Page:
Would-be MP doc­tor linked to cult leader


A Syd­ney doc­tor who says the un­reg­u­lated “es­o­teric heal­ing” prac­tices of a “so­cially harm­ful cult” lead to mir­a­cles ev­ery day is a se­nior lec­turer in medicine at a NSW univer­sity and ran for Lib­eral Party pre­s­e­lec­tion in Mal­colm Turn­bull’s for­mer seat.

Rheuma­tol­o­gist Max­ine Szramka — a pub­lic sup­porter of Uni­ver­sal Medicine cult leader Serge Ben­hayon, who was found by a NSW Supreme Court jury last month to have an “in­de­cent in­ter­est in … girls as young as 10” — failed in her bid to be­come the Lib­eral can­di­date for Went­worth but is still em­ployed by the Univer­sity of Wol­lon­gong.

A se­ries of rev­e­la­tions in The Aus­tralian about cult-linked pro­fes­sion­als work­ing in health and psy­chol­ogy and re­ceiv­ing tax­payer sub­si­dies, in­clud­ing Dr Szramka, has prompted fed­eral Health Min­is­ter Greg Hunt to or­der an in­ves­ti­ga­tion.

Uni­ver­sal Medicine, which pro­motes a diet that has been linked to hos­pi­tal­i­sa­tions in north­ern NSW, has a net­work of le­git­i­mately reg­is­tered health pro­fes­sion­als on its books, in­clud­ing at least three psy­chol­o­gists, a neona­tal pae­di­a­tri­cian, Dr Szramka, an anti-flu­o­ride den­tist and a phys­io­ther­a­pist.

In to­tal, there are 30 doc­tors, nurses, den­tists and al­lied health pro­fes­sion­als who are di­rectly as­so­ci­ated with the cult.

The Univer­sity of Wol­lon­gong, which pre­vi­ously su­per­vised the suc­cess­ful PhD of an­ti­vac­ci­na­tion cam­paigner Judy Wi­ly­man, de­clined to com­ment.

The Univer­sity of Queens­land launched an aca­demic mis­con­duct in­ves­ti­ga­tion in May af­ter the ABC re­vealed that three mem­bers of its fac­ulty of medicine pub­licly ad­vo­cated for the cult with­out dis­clos­ing their as­so­ci­a­tion on re­search that was later pub­lished in two jour­nals.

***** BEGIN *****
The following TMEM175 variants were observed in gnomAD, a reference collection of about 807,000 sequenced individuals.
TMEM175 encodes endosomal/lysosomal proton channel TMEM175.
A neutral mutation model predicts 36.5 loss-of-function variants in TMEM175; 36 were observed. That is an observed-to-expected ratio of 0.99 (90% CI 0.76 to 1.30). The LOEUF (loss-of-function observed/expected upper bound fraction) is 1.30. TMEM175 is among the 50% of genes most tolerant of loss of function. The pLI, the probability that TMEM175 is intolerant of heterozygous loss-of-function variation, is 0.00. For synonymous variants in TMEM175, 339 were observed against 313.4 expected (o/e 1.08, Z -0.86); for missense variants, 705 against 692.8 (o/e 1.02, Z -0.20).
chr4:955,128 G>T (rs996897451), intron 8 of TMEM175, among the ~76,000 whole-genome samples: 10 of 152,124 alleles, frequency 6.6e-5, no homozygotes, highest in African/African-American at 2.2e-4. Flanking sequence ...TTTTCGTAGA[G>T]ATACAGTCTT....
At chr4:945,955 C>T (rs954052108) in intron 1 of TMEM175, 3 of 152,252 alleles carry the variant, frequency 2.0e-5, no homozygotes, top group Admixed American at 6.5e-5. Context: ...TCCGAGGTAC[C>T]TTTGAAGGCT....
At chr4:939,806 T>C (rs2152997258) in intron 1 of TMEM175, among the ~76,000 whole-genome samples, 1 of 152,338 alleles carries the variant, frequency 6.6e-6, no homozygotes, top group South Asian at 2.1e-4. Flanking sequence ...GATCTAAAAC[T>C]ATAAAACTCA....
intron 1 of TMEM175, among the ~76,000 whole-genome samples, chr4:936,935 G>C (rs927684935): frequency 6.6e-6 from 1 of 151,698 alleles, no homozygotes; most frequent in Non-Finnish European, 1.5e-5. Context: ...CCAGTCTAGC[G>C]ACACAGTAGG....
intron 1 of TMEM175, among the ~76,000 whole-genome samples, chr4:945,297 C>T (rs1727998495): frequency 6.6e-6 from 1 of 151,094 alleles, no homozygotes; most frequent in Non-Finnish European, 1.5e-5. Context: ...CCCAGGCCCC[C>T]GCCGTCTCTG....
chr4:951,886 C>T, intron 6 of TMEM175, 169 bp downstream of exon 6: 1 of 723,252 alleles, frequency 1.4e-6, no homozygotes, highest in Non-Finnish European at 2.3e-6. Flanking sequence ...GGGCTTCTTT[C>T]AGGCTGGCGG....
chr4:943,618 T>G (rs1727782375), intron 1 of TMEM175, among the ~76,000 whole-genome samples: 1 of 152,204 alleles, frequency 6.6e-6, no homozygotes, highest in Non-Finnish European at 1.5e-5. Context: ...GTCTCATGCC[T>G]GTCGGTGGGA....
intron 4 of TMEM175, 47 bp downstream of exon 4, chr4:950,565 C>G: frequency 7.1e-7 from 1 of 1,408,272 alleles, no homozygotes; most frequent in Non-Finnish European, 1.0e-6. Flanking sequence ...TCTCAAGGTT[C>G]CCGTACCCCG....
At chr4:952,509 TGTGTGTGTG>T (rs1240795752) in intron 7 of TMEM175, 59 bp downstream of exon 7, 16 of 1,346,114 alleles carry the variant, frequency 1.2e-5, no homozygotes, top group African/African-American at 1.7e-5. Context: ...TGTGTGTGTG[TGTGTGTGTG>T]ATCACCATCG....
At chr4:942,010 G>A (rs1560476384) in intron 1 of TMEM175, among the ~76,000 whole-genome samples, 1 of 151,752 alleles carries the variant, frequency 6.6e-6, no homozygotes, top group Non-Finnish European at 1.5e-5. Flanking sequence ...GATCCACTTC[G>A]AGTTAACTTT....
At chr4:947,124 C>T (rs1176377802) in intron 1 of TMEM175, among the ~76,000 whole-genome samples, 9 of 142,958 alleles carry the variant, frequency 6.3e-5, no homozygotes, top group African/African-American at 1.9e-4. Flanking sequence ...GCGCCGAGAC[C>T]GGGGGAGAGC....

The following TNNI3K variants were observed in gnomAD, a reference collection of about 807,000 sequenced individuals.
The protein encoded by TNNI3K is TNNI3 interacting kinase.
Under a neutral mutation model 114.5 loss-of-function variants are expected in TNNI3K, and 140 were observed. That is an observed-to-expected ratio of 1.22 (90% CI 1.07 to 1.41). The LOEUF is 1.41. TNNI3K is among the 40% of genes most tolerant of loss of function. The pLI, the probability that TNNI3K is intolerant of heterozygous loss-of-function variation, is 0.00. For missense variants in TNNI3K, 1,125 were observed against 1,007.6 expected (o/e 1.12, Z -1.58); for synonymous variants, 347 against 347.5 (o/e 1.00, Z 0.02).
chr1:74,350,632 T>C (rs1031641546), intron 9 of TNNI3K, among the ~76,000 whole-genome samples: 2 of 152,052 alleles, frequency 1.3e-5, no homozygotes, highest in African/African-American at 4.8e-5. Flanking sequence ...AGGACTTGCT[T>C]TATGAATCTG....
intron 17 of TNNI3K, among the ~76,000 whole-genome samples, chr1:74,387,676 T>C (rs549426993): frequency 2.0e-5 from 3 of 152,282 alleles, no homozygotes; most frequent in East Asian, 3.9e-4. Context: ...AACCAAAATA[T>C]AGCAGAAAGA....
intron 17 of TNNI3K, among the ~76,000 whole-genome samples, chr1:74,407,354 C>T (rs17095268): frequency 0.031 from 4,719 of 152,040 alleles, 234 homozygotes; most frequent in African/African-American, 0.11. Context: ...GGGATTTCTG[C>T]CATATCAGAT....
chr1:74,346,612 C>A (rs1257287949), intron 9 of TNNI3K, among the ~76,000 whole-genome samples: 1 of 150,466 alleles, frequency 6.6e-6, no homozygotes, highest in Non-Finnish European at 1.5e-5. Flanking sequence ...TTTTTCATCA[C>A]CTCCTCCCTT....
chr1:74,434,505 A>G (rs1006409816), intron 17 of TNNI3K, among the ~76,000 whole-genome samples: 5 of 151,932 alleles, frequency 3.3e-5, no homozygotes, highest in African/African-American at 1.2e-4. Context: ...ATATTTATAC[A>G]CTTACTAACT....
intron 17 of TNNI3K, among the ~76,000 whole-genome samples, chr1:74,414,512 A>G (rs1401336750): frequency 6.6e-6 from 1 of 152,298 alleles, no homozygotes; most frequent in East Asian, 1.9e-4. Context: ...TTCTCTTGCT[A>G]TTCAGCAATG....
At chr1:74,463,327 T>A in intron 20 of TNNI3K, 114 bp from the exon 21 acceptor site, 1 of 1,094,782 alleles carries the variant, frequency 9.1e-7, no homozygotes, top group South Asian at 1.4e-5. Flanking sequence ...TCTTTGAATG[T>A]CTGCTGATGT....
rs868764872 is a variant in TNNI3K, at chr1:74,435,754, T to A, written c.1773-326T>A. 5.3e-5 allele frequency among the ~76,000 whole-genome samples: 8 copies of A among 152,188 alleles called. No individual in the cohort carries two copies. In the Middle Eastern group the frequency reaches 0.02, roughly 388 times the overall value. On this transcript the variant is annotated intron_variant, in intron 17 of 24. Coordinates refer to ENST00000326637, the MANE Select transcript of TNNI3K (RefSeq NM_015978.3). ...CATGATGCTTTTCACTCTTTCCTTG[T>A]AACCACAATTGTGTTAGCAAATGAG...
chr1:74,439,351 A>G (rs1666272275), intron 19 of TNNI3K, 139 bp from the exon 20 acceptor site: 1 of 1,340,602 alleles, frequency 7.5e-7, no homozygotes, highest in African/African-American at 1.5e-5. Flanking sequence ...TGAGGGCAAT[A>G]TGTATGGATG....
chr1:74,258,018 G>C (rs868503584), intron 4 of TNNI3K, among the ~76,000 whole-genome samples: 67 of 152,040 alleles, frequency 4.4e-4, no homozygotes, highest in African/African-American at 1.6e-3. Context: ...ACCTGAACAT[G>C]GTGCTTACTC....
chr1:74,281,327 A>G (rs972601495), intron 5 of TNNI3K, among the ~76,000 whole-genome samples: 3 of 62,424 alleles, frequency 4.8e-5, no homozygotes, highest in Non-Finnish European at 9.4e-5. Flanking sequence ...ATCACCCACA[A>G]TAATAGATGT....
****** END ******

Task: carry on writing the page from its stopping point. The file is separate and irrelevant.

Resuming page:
“The univer­sity can con­firm that Dr Mark Jones is no longer em­ployed by UQ and Dr Amelia Stephens, pre­vi­ously a lec­turer and ca­sual aca­demic, has not been en­gaged since June,” a spokes­woman told The Aus­tralian.

“An in­ves­ti­ga­tion re­lat­ing to pub­lished re­search is near­ing com­ple­tion.”

In a now-deleted en­dorse­ment on Uni­ver­sal Medicine’s web­site, Dr Szramka wrote: “I have seen many things that we would con­sider as mir­a­cles in medicine, yet they are ev­ery­day, or­di­nary oc­cur­rences in or­di­nary peo­ple at Uni­ver­sal Medicine. I am aware that some of the teach­ings of Uni­ver­sal Medicine may ini­tially sound un­con­ven­tional to some, but it is (sic) re­sults and changes in peo­ple that speak very loudly.”

Dr Szramka re­cently wrote an open let­ter to the Aus­tralian Health Prac­ti­tioner Reg­u­la­tion Agency about the his­tory of doc­tors be­ing “in­ves­ti­gated and pros­e­cuted” for speak­ing be­yond med­i­cal sci­ence.

She has pre­vi­ously been the sub­ject of at least one com­plaint to the NSW Health Care Com­plaints Com­mis­sion.

“Doc­tors learn much in their clin­i­cal prac­tices in ad­di­tion to the sci­en­tific lit­er­a­ture and need to be free to ex­press their ex­pe­ri­ences and lean­ings with­out fear of hav­ing their med­i­cal li­cence re­moved,” she wrote on her blog in Au­gust.

Dr Szramka was also the lead au­thor of a sub­mis­sion from the Es­o­teric Prac­ti­tion­ers As­so­ci­a­tion — a cre­ation of the for­mer bank­rupt and one-time ten­nis coach Mr Ben­hayon — to a NSW par­lia­men­tary in­quiry into the com­plains com­mis­sion that said “es­o­teric modal­i­ties” were complementary medicine, not al­ter­na­tive.

A spokes­woman for Mr Hunt said the Min­is­ter “is con­cerned about these al­le­ga­tions” and would “write to AHPRA about it, ask them to look at the al­le­ga­tions closely, and re­port back”.

A key de­fender of Mr Ben­hayon — who told a court he was the rein­car­na­tion of Leonardo da Vinci — is Ray Karam, an “ac­tive mem­ber” of the Na­tion­als party who tried un­suc­cess­fully to be pre­s­e­lected for the state seat of Lis­more.

Dr Szramka and Mr Karam did not re­spond to re­peated re­quests for com­ment.



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